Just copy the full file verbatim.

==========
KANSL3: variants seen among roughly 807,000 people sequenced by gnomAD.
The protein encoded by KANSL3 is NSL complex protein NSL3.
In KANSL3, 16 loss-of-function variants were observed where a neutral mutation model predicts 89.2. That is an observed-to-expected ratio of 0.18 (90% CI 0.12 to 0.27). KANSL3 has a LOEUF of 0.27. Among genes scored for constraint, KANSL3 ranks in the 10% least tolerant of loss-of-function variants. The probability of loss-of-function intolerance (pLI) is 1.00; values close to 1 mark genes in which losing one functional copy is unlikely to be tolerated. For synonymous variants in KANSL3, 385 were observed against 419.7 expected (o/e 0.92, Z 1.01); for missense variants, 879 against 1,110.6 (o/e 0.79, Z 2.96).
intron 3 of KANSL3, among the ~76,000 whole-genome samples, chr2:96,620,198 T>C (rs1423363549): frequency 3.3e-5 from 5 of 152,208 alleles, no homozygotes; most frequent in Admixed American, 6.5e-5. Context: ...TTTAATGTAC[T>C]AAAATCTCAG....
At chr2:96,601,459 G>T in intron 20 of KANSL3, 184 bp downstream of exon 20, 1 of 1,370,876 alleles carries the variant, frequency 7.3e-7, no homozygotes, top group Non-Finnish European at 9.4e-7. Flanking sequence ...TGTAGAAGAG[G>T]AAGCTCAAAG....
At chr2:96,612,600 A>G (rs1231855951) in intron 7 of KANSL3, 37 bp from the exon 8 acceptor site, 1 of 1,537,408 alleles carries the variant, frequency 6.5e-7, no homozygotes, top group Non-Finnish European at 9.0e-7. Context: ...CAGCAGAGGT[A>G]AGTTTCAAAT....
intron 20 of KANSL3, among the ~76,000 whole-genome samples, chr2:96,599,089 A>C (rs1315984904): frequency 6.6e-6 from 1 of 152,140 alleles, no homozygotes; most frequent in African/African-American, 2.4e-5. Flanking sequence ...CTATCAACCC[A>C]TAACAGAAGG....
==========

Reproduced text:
KANSL3: variants seen among roughly 807,000 people sequenced by gnomAD.
The protein encoded by KANSL3 is NSL complex protein NSL3.
In KANSL3, 16 loss-of-function variants were observed where a neutral mutation model predicts 89.2. That is an observed-to-expected ratio of 0.18 (90% CI 0.12 to 0.27). KANSL3 has a LOEUF of 0.27. Among genes scored for constraint, KANSL3 ranks in the 10% least tolerant of loss-of-function variants. The probability of loss-of-function intolerance (pLI) is 1.00; values close to 1 mark genes in which losing one functional copy is unlikely to be tolerated. For synonymous variants in KANSL3, 385 were observed against 419.7 expected (o/e 0.92, Z 1.01); for missense variants, 879 against 1,110.6 (o/e 0.79, Z 2.96).
intron 3 of KANSL3, among the ~76,000 whole-genome samples, chr2:96,620,198 T>C (rs1423363549): frequency 3.3e-5 from 5 of 152,208 alleles, no homozygotes; most frequent in Admixed American, 6.5e-5. Context: ...TTTAATGTAC[T>C]AAAATCTCAG....
At chr2:96,601,459 G>T in intron 20 of KANSL3, 184 bp downstream of exon 20, 1 of 1,370,876 alleles carries the variant, frequency 7.3e-7, no homozygotes, top group Non-Finnish European at 9.4e-7. Flanking sequence ...TGTAGAAGAG[G>T]AAGCTCAAAG....
At chr2:96,612,600 A>G (rs1231855951) in intron 7 of KANSL3, 37 bp from the exon 8 acceptor site, 1 of 1,537,408 alleles carries the variant, frequency 6.5e-7, no homozygotes, top group Non-Finnish European at 9.0e-7. Context: ...CAGCAGAGGT[A>G]AGTTTCAAAT....
intron 20 of KANSL3, among the ~76,000 whole-genome samples, chr2:96,599,089 A>C (rs1315984904): frequency 6.6e-6 from 1 of 152,140 alleles, no homozygotes; most frequent in African/African-American, 2.4e-5. Flanking sequence ...CTATCAACCC[A>C]TAACAGAAGG....